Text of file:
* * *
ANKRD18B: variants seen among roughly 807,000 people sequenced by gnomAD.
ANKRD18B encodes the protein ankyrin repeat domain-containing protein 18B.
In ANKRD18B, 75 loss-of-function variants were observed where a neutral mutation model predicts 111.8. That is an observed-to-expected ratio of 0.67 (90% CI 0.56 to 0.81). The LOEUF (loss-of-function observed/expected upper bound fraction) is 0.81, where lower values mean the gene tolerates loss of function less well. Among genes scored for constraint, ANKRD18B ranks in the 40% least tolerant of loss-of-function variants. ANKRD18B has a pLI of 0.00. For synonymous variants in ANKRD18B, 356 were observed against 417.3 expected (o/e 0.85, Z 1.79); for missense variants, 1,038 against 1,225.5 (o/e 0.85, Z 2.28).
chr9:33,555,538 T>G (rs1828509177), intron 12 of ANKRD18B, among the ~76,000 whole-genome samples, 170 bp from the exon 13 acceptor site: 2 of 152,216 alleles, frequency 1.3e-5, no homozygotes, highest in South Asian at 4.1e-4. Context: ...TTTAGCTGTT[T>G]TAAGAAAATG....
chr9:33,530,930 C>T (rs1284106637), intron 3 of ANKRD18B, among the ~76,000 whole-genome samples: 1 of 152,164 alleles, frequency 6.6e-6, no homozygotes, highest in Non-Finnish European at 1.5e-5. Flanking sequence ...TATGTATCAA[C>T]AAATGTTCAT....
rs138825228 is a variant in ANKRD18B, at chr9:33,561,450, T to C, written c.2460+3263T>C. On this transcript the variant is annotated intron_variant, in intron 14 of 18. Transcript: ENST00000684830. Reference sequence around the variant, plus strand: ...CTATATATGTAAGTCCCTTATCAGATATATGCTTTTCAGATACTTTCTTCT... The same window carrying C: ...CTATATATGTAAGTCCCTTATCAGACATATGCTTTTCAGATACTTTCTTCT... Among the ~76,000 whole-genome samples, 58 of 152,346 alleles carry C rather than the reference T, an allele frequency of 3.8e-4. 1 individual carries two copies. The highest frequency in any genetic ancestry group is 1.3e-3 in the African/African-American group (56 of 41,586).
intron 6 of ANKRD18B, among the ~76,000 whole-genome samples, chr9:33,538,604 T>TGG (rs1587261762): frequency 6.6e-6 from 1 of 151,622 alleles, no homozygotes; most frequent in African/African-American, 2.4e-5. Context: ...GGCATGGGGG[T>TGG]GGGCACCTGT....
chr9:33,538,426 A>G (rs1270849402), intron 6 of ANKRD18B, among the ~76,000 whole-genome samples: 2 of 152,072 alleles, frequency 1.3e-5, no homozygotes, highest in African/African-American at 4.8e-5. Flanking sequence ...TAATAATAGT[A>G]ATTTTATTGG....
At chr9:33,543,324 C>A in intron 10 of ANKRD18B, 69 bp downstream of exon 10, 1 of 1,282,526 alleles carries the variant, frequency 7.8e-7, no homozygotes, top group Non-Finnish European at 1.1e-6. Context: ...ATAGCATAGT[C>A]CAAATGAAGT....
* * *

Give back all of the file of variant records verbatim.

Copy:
ANKRD18B: variants seen among roughly 807,000 people sequenced by gnomAD.
ANKRD18B encodes the protein ankyrin repeat domain-containing protein 18B.
In ANKRD18B, 75 loss-of-function variants were observed where a neutral mutation model predicts 111.8. That is an observed-to-expected ratio of 0.67 (90% CI 0.56 to 0.81). The LOEUF (loss-of-function observed/expected upper bound fraction) is 0.81, where lower values mean the gene tolerates loss of function less well. Among genes scored for constraint, ANKRD18B ranks in the 40% least tolerant of loss-of-function variants. ANKRD18B has a pLI of 0.00. For synonymous variants in ANKRD18B, 356 were observed against 417.3 expected (o/e 0.85, Z 1.79); for missense variants, 1,038 against 1,225.5 (o/e 0.85, Z 2.28).
chr9:33,555,538 T>G (rs1828509177), intron 12 of ANKRD18B, among the ~76,000 whole-genome samples, 170 bp from the exon 13 acceptor site: 2 of 152,216 alleles, frequency 1.3e-5, no homozygotes, highest in South Asian at 4.1e-4. Context: ...TTTAGCTGTT[T>G]TAAGAAAATG....
chr9:33,530,930 C>T (rs1284106637), intron 3 of ANKRD18B, among the ~76,000 whole-genome samples: 1 of 152,164 alleles, frequency 6.6e-6, no homozygotes, highest in Non-Finnish European at 1.5e-5. Flanking sequence ...TATGTATCAA[C>T]AAATGTTCAT....
rs138825228 is a variant in ANKRD18B, at chr9:33,561,450, T to C, written c.2460+3263T>C. On this transcript the variant is annotated intron_variant, in intron 14 of 18. Transcript: ENST00000684830. Reference sequence around the variant, plus strand: ...CTATATATGTAAGTCCCTTATCAGATATATGCTTTTCAGATACTTTCTTCT... The same window carrying C: ...CTATATATGTAAGTCCCTTATCAGACATATGCTTTTCAGATACTTTCTTCT... Among the ~76,000 whole-genome samples, 58 of 152,346 alleles carry C rather than the reference T, an allele frequency of 3.8e-4. 1 individual carries two copies. The highest frequency in any genetic ancestry group is 1.3e-3 in the African/African-American group (56 of 41,586).
intron 6 of ANKRD18B, among the ~76,000 whole-genome samples, chr9:33,538,604 T>TGG (rs1587261762): frequency 6.6e-6 from 1 of 151,622 alleles, no homozygotes; most frequent in African/African-American, 2.4e-5. Context: ...GGCATGGGGG[T>TGG]GGGCACCTGT....
chr9:33,538,426 A>G (rs1270849402), intron 6 of ANKRD18B, among the ~76,000 whole-genome samples: 2 of 152,072 alleles, frequency 1.3e-5, no homozygotes, highest in African/African-American at 4.8e-5. Flanking sequence ...TAATAATAGT[A>G]ATTTTATTGG....
At chr9:33,543,324 C>A in intron 10 of ANKRD18B, 69 bp downstream of exon 10, 1 of 1,282,526 alleles carries the variant, frequency 7.8e-7, no homozygotes, top group Non-Finnish European at 1.1e-6. Context: ...ATAGCATAGT[C>A]CAAATGAAGT....